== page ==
A mobile phone based health application has helped to investigate and contain a polio outbreak that threatened thousands in East Africa.
Health officials in Kenya used the life saving application, EpiSurveyor, after refugees fleeing violence in Somalia introduced the first case of polio into the country in more than 20 years.
The application can be downloaded onto handheld devices to log patients' symptoms and any treatment they receive.
Kenyan health workers modified the survey forms used by EpiSurveyor to track an emergency vaccination campaign and managed to stop a potential epidemic in its tracks.
EpiSurveyor has been funded by the United Nations and Vodafone Foundation Technology Partnership, which is using strategic technology programmes to strengthen UN humanitarian efforts worldwide. It is free to use and is run on an open-source basis.
The trial in Kenya has been so successful that this week the World Health Organisation has announced that it is expanding the project to another 20 countries in Africa.
The BBC World Service's Digital Planet radio programme spoke to Dr Patrick Nguku from the Kenyan Health Ministry where the project has been piloted.
"In 2006 after 21 years of absence of polio in Kenya, we did confirm a case in our north eastern province and this was followed by massive immunisation campaigns to try and protect susceptible children.
"We used EpiSurveyor to basically control our supplies, monitor which areas needed to be vaccinated and the quick flow of information helped us in achieving very good results", he added.
When health authorities want to collate information on the spread of disease, all they has to do was compile a form with a questionnaire which can then instantaneously be sent out across mobile networks, so data can be gathered from people on their phones.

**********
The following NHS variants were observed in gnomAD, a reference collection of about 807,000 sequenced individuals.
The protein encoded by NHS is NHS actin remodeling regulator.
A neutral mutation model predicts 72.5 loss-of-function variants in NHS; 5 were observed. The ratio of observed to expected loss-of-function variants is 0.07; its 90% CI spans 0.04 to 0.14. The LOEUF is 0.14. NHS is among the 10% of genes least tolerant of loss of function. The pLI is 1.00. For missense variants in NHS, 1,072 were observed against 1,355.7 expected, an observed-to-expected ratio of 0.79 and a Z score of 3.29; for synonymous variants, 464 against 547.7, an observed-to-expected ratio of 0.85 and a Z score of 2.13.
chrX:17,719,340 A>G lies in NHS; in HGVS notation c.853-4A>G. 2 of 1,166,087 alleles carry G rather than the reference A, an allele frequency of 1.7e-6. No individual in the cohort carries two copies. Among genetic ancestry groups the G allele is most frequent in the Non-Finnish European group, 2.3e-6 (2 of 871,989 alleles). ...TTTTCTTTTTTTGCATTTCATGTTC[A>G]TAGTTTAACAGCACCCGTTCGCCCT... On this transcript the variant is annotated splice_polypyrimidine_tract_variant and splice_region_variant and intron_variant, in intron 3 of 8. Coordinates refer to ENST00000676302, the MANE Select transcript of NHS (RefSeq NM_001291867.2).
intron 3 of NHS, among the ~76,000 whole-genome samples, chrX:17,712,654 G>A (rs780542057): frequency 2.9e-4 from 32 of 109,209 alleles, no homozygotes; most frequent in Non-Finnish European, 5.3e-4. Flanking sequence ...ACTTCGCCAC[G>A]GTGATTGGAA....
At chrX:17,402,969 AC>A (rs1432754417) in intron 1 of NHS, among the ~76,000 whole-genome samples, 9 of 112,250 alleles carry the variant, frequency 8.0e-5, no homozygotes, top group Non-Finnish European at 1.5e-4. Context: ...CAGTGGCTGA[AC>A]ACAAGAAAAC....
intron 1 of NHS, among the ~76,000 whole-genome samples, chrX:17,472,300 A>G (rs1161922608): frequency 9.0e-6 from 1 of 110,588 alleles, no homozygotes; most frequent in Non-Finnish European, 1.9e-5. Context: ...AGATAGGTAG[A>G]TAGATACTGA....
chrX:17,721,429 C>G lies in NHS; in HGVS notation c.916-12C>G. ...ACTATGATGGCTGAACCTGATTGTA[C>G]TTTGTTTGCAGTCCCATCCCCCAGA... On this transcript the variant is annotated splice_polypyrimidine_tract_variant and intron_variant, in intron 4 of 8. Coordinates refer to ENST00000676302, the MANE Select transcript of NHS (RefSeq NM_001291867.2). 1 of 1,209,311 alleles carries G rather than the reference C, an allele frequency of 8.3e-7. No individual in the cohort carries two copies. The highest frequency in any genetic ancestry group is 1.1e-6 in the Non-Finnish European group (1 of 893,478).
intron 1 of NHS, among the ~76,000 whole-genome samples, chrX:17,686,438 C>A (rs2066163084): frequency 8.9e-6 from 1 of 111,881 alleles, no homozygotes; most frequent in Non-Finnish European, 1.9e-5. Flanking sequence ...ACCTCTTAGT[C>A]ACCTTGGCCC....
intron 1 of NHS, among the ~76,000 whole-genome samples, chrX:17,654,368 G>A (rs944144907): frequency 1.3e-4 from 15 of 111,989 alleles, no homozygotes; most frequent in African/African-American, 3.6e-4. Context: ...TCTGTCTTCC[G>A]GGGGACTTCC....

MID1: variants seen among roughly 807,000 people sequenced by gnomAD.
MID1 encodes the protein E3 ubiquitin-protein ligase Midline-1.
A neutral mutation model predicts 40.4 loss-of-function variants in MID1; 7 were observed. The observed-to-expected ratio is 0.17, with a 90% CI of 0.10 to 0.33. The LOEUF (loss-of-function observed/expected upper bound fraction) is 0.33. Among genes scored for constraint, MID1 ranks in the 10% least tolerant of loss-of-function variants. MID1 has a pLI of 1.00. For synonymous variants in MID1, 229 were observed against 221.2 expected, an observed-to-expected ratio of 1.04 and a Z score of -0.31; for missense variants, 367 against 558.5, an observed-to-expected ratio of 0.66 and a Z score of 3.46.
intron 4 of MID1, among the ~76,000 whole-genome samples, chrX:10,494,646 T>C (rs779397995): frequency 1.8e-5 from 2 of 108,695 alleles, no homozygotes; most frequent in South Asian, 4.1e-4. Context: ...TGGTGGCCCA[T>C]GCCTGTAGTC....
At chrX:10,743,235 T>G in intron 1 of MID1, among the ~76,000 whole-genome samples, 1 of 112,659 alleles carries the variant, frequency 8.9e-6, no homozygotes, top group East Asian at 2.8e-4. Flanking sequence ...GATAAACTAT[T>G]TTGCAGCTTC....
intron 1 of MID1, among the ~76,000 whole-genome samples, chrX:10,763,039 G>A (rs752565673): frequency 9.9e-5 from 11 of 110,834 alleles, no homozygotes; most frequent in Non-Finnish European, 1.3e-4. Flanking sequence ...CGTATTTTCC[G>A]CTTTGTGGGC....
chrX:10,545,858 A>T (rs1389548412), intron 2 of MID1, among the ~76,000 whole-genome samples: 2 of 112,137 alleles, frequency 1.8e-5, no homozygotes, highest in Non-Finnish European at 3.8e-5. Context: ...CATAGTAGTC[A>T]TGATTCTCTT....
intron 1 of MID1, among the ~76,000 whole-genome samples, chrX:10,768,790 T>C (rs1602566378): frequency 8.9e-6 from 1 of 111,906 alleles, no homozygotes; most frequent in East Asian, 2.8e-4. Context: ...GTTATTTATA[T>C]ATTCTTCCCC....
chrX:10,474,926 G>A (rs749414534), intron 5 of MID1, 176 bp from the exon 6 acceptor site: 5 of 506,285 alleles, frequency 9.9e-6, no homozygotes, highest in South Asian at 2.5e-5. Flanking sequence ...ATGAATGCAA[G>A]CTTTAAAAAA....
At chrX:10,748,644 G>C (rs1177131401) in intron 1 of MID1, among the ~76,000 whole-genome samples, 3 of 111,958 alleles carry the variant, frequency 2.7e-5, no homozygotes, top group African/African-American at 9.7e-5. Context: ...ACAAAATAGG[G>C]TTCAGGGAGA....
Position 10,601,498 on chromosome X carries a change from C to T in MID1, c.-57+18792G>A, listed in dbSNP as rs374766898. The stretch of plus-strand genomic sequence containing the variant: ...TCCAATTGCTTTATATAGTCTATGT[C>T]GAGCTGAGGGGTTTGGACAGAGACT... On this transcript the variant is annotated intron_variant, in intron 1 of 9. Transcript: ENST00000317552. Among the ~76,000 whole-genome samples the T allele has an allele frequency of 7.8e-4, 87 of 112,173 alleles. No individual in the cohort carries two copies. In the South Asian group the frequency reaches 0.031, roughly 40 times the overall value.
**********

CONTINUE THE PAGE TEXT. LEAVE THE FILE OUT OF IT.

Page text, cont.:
The completed forms are then sent back to the authorities via the mobile phone network.
"If there is a vaccine shortage in a health facility 800km from Nairobi, this information is relayed in real time to the headquarters and sorted out very fast", said Dr Nguku.
In many countries, a lack of timely and accurate data is one of the greatest obstacles to overcoming long-standing public health challenges. The time taken to record epidemiological information can be slow when healthcare workers have only paper and pen to record which children have been immunized, or where vital stocks of medication have been sent.
"Paper is cumbersome, you have to carry it to wherever you are going, you have to photocopy it and enter the data.
"The EpiSurveyor programme in comparison with paper is much cheaper, better quality and easier to do", he added.
Making it mobile
As the mobile phone becomes commonplace even in many of the world's poorest countries, there is a new window of opportunity for technology to play a vital role in developing solutions to long-standing international development challenges.
"We just got back from Kenya where two weeks ago we did a field test of using Nokia mobile phones to do this kind of data collection," said Joel Selanikio, co-founder of DataDyne.org which designed the application.
"It is a huge step to be able to say we can both distribute the forms wirelessly and transmit the data back to some headquarters location wirelessly.
EpiSurveyor is an open-source application, so anyone can look at the computer code that has been used to create it and adapt it to their needs.
"Being open-source, I can tell you that the first time we got contacted by another organisation, who were not only calling us to ask how to use the software, but to say that they also had coding resources and they wanted to make some changes and would that be okay.
"We said that would be terrific and the fellow that I was speaking to said we could add those features and give me the modified code so that I could incorporate it into the general code base.
"We are hoping that as the implementation widens and the more people hear about it, the more people will contribute to the code base and improve EpiSurveyor", added Mr Selanikio.
Mobile technology has revolutionised the way contagious diseases are monitored in sub-Saharan Africa.
"I would encourage people to embrace technology," said Dr Nguku. "This is a programme that will help us do it better."
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